Letters and Journals of Lord Byron: With Notices of his Life by George Gordon Byron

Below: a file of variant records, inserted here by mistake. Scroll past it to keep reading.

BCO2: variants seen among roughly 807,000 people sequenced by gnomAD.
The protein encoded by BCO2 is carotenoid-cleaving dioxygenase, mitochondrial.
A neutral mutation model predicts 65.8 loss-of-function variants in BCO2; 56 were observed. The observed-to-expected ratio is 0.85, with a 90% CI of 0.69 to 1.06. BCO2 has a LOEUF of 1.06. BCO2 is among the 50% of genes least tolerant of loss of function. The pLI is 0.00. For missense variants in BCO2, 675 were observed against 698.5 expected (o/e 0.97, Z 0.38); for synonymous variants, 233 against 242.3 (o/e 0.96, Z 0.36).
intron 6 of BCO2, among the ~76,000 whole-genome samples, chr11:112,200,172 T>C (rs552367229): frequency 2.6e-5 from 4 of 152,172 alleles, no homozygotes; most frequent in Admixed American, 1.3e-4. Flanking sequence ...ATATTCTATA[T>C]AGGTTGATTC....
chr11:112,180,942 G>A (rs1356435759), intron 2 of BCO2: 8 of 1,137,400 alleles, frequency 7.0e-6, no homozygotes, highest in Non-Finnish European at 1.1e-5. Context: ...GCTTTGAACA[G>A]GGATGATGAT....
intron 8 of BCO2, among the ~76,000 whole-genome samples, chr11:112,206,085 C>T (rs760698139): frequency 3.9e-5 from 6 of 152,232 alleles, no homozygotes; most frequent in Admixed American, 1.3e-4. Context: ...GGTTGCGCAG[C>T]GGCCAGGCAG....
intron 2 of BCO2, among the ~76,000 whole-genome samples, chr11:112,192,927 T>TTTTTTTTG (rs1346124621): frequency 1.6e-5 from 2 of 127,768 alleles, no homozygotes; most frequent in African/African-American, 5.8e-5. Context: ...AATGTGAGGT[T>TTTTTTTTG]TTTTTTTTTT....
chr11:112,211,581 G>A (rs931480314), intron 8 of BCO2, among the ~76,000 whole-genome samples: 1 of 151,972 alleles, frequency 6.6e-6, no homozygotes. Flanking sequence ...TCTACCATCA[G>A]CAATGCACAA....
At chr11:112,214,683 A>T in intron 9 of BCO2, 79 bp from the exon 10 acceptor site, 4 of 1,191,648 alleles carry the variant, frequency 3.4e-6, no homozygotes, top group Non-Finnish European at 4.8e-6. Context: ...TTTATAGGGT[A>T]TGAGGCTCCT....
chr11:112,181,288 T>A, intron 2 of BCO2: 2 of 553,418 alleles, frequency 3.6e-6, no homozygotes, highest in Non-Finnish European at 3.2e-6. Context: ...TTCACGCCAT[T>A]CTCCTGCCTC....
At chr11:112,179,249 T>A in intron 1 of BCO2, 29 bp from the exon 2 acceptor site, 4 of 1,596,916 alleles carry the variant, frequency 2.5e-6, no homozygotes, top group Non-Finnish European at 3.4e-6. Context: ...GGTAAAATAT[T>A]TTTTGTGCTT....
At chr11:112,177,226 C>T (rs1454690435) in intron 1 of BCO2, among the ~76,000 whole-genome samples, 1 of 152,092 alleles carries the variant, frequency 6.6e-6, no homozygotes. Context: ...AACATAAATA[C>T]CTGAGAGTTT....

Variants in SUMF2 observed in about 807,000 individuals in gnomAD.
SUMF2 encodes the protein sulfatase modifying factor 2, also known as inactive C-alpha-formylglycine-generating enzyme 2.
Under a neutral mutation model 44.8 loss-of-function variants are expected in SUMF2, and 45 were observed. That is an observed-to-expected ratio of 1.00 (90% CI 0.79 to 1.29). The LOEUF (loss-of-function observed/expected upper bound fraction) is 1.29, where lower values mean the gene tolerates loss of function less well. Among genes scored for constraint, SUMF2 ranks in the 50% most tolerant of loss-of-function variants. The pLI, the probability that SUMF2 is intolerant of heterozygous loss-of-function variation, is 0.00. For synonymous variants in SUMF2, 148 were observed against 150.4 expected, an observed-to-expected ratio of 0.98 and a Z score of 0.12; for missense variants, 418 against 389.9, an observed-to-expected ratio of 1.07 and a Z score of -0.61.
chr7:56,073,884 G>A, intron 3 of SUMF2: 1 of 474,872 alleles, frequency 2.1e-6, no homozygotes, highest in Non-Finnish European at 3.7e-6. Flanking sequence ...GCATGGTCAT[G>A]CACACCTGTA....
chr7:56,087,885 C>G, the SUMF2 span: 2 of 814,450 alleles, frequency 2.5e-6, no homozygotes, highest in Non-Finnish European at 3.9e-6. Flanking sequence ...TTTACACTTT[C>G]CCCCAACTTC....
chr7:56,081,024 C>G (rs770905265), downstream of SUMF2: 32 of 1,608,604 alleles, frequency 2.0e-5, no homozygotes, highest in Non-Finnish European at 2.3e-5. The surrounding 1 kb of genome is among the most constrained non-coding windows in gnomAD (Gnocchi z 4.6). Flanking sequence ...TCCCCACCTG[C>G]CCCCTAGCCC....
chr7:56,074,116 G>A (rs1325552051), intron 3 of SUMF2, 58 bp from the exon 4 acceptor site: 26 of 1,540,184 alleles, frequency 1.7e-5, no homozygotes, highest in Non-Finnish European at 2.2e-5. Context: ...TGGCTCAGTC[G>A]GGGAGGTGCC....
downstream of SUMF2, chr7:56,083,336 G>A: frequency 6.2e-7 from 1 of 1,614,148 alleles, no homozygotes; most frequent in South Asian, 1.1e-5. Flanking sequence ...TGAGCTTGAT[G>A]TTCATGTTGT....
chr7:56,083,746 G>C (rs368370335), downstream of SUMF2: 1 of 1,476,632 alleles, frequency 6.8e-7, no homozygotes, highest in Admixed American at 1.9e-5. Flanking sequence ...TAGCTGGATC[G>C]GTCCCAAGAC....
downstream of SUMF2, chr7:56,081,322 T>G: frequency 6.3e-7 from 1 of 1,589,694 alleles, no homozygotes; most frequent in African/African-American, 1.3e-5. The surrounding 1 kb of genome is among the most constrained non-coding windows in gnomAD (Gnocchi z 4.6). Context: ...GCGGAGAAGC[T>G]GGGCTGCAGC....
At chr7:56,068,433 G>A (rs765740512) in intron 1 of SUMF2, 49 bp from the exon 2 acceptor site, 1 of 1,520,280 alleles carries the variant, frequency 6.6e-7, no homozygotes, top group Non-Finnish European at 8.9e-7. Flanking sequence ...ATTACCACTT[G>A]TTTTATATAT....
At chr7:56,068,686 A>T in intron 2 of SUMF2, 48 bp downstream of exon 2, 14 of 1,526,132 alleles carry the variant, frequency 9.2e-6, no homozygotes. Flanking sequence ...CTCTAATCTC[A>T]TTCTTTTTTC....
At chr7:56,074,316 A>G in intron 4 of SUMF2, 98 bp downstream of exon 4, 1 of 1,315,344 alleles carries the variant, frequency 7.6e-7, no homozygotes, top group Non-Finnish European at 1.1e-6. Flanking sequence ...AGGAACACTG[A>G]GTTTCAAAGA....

George Gordon Noel Byron, 6th Baron Byron of Rochdale (1788-1824) is one of the central writers of British Romanticism and his 'Byronic' hero - the charming, dashing, rebellious outsider - remains a literary archetype. But to what extent is this character a portrayal of the author himself? Byron was known for his extremely unconventional, eccentric character and his extravagant and flamboyant lifestyle: Lady Caroline Lamb, one of his lovers, famously described him as 'mad, bad and dangerous to know'. This two-volume work, compiled by his friend Thomas Moore, to whom Byron had given his manuscript memoirs (which he later burnt), was published in 1830. Volume 2 gives an account of Byron's life and work from 1816, including his travels abroad in Switzerland and Italy, where close friendships with Lady Blessington and Percy and Mary Shelley developed, to his early death in the Greek War of Independence in 1824.